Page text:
I have a specific scenario to discuss.
In my area, a local mega-church (I don't actually know if it qualifies as "mega" in the Jimmy Swaggart sense, but the church is HUGE) started offering a respite service to families who have children with special needs. One Friday evening a month, for four hours, they will take the children with special needs and their siblings under the age of thirteen so that the parents can have a worry-free evening for themselves.
After checking into the service offered, I decided to let my daughters participate. I was assured that this program, though sponsored by and held in the church, would be secular in nature. Those in charge of the program told me that their only desire was to reach out to families like mine and offer this respite because they understand the difficulties we often have in finding childcare. I was told that they realize that there are many families who don't share the church's beliefs and they want us to be comfortable in the knowledge that this program has one purpose only: to provide excellent childcare so that parents can enjoy a worry-free evening to themselves.
For the past two years, then, we participated in the program, and my girls loved it. They would have crafts, show movies, have different organizations come in to share activities with the children, like the fire department, the zoo, the aquarium and the children's museum. It was fantastic, and my younger daughter, the one with autism, looks forward to these evenings with such hope and excitement.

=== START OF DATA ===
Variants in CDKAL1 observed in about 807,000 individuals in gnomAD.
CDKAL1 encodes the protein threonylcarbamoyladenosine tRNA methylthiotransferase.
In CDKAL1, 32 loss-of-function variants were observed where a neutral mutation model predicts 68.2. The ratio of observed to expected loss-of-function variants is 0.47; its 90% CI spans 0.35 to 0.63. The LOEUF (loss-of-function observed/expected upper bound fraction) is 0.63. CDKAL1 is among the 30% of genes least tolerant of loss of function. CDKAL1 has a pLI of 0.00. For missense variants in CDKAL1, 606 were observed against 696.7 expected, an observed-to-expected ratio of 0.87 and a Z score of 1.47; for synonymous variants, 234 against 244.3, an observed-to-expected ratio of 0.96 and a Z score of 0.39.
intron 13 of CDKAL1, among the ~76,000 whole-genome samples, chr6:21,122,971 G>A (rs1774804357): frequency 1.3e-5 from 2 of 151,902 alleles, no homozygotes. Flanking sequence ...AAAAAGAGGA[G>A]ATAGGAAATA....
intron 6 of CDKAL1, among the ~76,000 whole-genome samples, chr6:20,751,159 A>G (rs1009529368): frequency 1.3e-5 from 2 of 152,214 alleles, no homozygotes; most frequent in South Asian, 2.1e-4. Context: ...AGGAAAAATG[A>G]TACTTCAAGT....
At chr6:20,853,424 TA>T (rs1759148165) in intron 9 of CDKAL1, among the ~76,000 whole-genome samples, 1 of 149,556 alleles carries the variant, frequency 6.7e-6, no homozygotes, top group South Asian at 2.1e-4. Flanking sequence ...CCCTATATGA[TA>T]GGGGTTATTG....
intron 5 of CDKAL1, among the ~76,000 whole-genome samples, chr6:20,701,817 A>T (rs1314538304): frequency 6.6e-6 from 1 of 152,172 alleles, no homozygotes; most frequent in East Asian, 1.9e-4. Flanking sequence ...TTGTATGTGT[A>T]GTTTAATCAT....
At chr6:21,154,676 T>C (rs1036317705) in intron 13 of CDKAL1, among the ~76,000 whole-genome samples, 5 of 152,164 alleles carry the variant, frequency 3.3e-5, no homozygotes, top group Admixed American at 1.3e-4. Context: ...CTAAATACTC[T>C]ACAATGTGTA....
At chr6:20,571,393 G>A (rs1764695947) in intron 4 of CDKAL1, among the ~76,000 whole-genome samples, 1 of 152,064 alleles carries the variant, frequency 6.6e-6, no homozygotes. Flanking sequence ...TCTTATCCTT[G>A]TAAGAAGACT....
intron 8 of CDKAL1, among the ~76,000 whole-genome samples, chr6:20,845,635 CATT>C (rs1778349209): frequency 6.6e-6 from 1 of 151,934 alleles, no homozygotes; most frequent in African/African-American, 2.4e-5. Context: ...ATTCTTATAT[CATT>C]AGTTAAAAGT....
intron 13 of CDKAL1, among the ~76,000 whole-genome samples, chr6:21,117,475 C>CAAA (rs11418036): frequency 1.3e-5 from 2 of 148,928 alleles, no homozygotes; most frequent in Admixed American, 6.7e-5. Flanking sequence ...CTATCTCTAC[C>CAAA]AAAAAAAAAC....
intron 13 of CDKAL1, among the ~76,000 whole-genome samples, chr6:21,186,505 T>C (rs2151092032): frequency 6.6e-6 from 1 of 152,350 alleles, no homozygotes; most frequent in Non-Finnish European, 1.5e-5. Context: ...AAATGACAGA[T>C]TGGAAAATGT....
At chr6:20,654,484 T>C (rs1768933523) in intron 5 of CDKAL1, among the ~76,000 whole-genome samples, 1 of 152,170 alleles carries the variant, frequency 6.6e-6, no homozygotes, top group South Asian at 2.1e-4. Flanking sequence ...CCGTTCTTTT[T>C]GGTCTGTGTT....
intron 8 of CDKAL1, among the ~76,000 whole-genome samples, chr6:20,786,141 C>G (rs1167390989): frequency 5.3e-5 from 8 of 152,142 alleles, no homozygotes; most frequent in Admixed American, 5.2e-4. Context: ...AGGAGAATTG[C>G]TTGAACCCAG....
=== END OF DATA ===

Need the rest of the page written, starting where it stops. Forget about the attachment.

The program has grown in popularity so much that they have had to add a second Friday in order to be able to accommodate all the families who have children with special needs.
Something else has changed, too. They have started having the children pray. They have started having sing-alongs to Christian music praising Jesus. They have also started reading stories from the Bible.
Last night, when I picked up my girls from the program, my younger daughter wanted to know where her Jesus was. My older daughter explained: They had a prayer, then sang "Jesus Loves Me", and the kids were handed out Jesus pendants and pamphlets about Jesus and his love for children. My older daughter refused these trinkets. I don't know what happened to the ones they gave to my younger daughter. They weren't in her backpack. I wonder if her caretaker remembered that I wouldn't be pleased and got rid of the evidence. Her caretaker for last night was the program director.
This, of course, leaves me with a little dilemma. I have to decide whether it's worth the occasional proselytizing to children with physical and cognitive disabilities, who may or may not understand what's being preached to them, just so my husband and I can enjoy an evening together. I have to decide whether the other activities that are so engaging for my daughters are worth the proselytizing they have to endure. I have to decide whether to talk with the director and remind her that we are not interested in that aspect of the program, or whether I should have expected this, in spite of the assurances I was given two years ago.
What are your thoughts regarding this sort of situation, though? If a church is offering a service to the community, should we expect there to be strings attached? Whether we're talking about soup kitchens or respite care, should the services be offered under the condition that the recipients be subjected to proselytizing?Answer Question
Answer by wendythewriter at 12:11 PM on Mar. 16, 2013
Answer by missanc at 12:27 PM on Mar. 16, 2013
Answer by maecntpntz219 at 12:47 PM on Mar. 16, 2013
Answer by bandgeek521 at 12:47 PM on Mar. 16, 2013
Answer by bandgeek521 at 12:50 PM on Mar. 16, 2013
Answer by maecntpntz219 at 12:51 PM on Mar. 16, 2013
Answer by bandgeek521 at 12:52 PM on Mar. 16, 2013
Answer by gdiamante at 12:59 PM on Mar. 16, 2013
Answer by Dardenella at 1:08 PM on Mar. 16, 2013